Chicago artist Greta de Parry designs sleek furniture (most notably barstools) built to withstand years of use and changing trends. Here’s how she stands—er, sits— above the crowd.

By Hannah Agran

1. Wood was her first jam. Greta grew up with sawdust in the air. Her dad owned a home-building company. Later she received her MFA at the Art Institute of Chicago. "I had a wonderful professor who piqued my interest in fine woodworking, and I couldn't keep out of the shop after that," she recalls. "It was a natural segue, functional sculpture."

Photo by Kevin J. Miyazaki/Redux.

2. Feminine. Masculine. Whatever. Women using power tools is common in the cocoon of art school, but it remains more rare in the furniture-making world. Greta's clean and contemporary style bends gender expectations further. "Men's magazines will talk about my Coleman barstools (above, $449) like they're a manly thing-the concrete tops and hard lines-but I try not to pigeonhole men or women that way," she says. "I design very selfishly just for me."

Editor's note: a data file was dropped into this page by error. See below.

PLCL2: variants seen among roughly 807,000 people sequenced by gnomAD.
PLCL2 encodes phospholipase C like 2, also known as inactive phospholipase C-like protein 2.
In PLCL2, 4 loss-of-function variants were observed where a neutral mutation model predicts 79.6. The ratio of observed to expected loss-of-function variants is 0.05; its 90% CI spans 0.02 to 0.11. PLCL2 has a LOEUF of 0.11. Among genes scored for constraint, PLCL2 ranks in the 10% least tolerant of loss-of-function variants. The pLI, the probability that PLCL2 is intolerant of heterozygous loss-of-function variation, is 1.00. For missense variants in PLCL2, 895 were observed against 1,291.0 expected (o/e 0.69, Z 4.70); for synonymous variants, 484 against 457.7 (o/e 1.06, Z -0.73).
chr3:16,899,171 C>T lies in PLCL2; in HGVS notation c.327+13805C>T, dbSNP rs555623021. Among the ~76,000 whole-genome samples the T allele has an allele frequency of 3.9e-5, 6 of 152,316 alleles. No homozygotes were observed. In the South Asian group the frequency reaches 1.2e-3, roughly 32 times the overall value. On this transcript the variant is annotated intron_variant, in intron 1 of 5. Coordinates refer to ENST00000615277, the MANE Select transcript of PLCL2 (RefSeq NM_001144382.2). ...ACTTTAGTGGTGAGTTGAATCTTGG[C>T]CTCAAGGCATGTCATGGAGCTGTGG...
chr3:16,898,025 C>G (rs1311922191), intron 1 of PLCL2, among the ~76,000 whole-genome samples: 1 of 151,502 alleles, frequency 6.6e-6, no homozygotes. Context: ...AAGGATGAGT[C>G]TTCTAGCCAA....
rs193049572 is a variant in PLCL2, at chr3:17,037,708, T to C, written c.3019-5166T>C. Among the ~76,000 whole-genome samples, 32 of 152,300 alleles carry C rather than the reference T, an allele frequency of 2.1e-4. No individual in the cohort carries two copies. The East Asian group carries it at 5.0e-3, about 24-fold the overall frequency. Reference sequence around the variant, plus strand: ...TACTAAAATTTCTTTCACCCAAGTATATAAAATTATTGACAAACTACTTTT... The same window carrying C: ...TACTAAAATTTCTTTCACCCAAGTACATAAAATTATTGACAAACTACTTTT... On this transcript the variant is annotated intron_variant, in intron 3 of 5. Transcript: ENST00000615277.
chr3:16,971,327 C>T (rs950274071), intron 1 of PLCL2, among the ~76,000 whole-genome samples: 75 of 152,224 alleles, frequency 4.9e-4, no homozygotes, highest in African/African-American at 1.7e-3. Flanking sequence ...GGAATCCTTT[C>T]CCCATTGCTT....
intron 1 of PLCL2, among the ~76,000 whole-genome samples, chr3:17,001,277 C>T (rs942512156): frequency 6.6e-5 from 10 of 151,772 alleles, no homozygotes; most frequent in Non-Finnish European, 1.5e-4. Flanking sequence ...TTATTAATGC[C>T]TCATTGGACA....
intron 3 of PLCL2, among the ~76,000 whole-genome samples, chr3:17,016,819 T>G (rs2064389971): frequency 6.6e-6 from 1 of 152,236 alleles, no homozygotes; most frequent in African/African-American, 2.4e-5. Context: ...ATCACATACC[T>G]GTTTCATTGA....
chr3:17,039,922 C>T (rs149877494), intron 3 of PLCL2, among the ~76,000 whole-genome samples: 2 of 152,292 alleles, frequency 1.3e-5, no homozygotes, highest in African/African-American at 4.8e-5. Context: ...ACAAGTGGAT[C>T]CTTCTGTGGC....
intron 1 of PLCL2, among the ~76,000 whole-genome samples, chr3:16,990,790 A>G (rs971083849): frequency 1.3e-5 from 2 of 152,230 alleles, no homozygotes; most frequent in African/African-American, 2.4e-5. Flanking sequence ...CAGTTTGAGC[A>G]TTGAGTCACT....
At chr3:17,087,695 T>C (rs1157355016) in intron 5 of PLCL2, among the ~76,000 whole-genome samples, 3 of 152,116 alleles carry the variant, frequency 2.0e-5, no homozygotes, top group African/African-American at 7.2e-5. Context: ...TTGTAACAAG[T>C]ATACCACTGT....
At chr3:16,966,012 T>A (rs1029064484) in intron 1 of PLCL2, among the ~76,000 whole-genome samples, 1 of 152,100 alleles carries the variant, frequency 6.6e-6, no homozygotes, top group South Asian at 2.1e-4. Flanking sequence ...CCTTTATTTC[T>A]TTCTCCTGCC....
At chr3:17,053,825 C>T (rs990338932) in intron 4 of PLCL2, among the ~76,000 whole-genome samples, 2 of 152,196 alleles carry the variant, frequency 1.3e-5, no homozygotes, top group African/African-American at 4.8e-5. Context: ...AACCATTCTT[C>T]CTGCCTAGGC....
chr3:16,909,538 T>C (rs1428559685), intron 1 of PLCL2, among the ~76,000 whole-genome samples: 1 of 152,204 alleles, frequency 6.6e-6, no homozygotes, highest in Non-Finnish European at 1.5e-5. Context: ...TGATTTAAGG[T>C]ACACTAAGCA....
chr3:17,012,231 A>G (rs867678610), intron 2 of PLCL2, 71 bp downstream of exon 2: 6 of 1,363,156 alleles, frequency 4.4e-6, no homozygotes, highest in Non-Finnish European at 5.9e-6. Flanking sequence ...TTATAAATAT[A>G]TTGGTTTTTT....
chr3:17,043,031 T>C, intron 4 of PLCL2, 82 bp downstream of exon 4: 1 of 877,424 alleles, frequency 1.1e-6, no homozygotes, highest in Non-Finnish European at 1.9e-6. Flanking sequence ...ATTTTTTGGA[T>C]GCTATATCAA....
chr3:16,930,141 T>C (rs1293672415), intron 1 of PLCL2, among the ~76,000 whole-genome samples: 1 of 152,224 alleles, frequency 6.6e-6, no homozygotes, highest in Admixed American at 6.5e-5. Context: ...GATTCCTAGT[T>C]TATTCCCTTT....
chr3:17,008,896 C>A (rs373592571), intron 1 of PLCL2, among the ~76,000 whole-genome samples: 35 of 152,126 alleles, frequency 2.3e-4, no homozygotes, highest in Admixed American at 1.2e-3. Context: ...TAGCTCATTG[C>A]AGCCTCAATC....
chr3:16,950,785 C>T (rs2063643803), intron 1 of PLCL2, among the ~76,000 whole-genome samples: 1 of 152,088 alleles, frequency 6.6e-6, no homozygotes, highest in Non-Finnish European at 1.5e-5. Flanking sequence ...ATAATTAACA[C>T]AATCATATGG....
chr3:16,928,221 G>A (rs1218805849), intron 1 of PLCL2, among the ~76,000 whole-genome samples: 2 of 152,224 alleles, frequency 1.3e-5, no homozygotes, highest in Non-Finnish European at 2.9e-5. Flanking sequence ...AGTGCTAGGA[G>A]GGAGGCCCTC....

Photo by Kevin J. Miyazaki/Redux.

3. She cuts steel, not corners. Greta is blunt regarding quality: "Cheap furniture doesn't last. It's made of toxic materials like particleboard. It's this culture of buying and replacing rather than making thoughtful decisions." So she takes years developing her pieces. She uses wood harvested locally. She partners with nearby fabricators. Her goal is to leave a tiny footprint on the environment but a lasting one on her Midwest community and in your home.

Meet Nico

Greta's new line of stools has a rounder profile and footrests at two heights to better accommodate children and tall adults. From $619 (gretadeparry.com).

Photo by Kevin J. Miyazaki/Redux.
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